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|Title:||Diagnosis of feline filariasis assisted by a novel semi-automated microfluidic device in combination with high resolution melting real-time PCR|
Paul J. Brindley
King Mongkut's University of Technology North Bangkok
Thailand National Electronics and Computer Technology Center
Faculty of Medicine, Siriraj Hospital, Mahidol University
The George Washington University
|Keywords:||Immunology and Microbiology;Medicine|
|Citation:||Parasites and Vectors. Vol.12, No.1 (2019)|
|Abstract:||© 2019 The Author(s). Background: The diagnosis of filariasis traditionally relies on the detection of circulating microfilariae (mf) using Giemsa-stained thick blood smears. This approach has several limitations. We developed a semi-automated microfluidic device to improve and simplify the detection of filarial nematodes. Methods: The efficiency and repeatability of the microfluidic device was evaluated. Human EDTA blood samples were 'spiked' with B. malayi mf at high, moderate, and low levels, and subsequently tested 10 times. The device was also used for a field survey of feline filariasis in 383 domesticated cats in an area of Narathiwat Province, Thailand, the endemic area of Brugia malayi infection. Results: In the control blood arbitrarily spiked with mf, the high level, moderate level and low level mf-positive controls yielded coefficient variation (CV) values of 4.44, 4.16 and 4.66%, respectively, at the optimized flow rate of 6 μl/min. During the field survey of feline filariasis in Narathiwat Province, the device detected mf in the blood of 34 of 383 cats (8.9%) whereas mf were detected in 28 (7.3%) cats using the blood smear test. Genomic DNA was extracted from mf trapped in the device after which high-resolution melting (HRM) real-time PCR assay was carried out, which enabled the simultaneous diagnosis of filarial species. Among the 34 mf-positive samples, 12 were identified as B. malayi, 15 as Dirofilaria immitis and 7 as| D. repens. Conclusions: We developed a semi-automated microfluidic device to detect mf of filarial parasites that could be used to diagnose lymphatic filariasis in human populations. This novel device facilitates rapid, higher-throughput detection and identification of infection with filariae in blood samples.|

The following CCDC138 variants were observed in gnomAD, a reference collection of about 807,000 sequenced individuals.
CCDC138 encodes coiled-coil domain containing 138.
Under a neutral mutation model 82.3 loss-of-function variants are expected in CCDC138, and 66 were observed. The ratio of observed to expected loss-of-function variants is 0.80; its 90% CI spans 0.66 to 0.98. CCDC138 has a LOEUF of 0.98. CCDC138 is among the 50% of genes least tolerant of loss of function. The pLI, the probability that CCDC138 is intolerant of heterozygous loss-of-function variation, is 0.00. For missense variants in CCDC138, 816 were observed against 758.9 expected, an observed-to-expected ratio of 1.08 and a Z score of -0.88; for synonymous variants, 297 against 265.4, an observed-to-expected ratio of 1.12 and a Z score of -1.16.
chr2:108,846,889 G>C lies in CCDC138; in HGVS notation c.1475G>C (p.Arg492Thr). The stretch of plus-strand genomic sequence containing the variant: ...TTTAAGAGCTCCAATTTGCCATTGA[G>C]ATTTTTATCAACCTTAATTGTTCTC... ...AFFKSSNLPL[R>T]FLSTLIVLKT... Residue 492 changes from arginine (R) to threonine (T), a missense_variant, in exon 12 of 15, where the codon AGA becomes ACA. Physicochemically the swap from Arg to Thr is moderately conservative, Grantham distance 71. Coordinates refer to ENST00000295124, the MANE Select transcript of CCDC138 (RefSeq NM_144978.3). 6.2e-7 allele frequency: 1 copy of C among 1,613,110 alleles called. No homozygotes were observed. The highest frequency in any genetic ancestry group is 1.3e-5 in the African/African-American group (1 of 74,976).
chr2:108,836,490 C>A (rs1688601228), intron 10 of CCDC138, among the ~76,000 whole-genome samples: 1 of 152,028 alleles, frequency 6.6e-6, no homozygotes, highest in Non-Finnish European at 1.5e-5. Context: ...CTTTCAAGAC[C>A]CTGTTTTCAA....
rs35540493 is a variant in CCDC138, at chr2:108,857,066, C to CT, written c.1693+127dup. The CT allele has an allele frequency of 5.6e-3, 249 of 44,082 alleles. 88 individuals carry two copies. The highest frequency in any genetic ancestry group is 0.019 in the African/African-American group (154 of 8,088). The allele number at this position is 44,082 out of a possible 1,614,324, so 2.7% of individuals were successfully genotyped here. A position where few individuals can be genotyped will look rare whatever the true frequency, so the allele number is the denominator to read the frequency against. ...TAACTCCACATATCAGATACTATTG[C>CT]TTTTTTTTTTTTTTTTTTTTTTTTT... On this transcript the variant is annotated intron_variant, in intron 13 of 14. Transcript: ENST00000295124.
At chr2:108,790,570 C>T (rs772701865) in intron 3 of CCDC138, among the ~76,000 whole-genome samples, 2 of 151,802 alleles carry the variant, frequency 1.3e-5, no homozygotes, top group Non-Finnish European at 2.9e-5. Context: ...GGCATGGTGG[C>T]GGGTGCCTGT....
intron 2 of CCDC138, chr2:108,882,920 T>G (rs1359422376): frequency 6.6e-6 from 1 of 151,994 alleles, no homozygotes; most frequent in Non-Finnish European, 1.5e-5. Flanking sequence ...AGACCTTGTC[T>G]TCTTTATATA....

|Appears in Collections:||Scopus 2019|
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